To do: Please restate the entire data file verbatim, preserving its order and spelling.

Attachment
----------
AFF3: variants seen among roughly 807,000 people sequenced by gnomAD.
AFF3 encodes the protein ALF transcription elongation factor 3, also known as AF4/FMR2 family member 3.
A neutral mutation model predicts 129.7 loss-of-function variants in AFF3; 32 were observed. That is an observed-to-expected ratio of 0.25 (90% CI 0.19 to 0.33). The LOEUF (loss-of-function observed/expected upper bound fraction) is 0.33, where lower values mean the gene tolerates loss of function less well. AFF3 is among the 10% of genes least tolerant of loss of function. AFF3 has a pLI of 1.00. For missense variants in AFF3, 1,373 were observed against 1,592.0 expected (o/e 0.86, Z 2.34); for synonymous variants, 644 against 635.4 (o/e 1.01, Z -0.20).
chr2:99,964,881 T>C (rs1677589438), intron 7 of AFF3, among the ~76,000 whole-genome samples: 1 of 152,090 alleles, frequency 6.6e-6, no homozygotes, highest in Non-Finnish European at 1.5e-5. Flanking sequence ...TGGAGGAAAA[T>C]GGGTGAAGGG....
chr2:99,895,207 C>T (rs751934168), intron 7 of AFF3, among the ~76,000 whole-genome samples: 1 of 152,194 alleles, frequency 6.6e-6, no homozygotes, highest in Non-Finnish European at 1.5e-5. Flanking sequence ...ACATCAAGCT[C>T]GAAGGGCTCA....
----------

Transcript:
AFF3: variants seen among roughly 807,000 people sequenced by gnomAD.
AFF3 encodes the protein ALF transcription elongation factor 3, also known as AF4/FMR2 family member 3.
A neutral mutation model predicts 129.7 loss-of-function variants in AFF3; 32 were observed. That is an observed-to-expected ratio of 0.25 (90% CI 0.19 to 0.33). The LOEUF (loss-of-function observed/expected upper bound fraction) is 0.33, where lower values mean the gene tolerates loss of function less well. AFF3 is among the 10% of genes least tolerant of loss of function. AFF3 has a pLI of 1.00. For missense variants in AFF3, 1,373 were observed against 1,592.0 expected (o/e 0.86, Z 2.34); for synonymous variants, 644 against 635.4 (o/e 1.01, Z -0.20).
chr2:99,964,881 T>C (rs1677589438), intron 7 of AFF3, among the ~76,000 whole-genome samples: 1 of 152,090 alleles, frequency 6.6e-6, no homozygotes, highest in Non-Finnish European at 1.5e-5. Flanking sequence ...TGGAGGAAAA[T>C]GGGTGAAGGG....
chr2:99,895,207 C>T (rs751934168), intron 7 of AFF3, among the ~76,000 whole-genome samples: 1 of 152,194 alleles, frequency 6.6e-6, no homozygotes, highest in Non-Finnish European at 1.5e-5. Flanking sequence ...ACATCAAGCT[C>T]GAAGGGCTCA....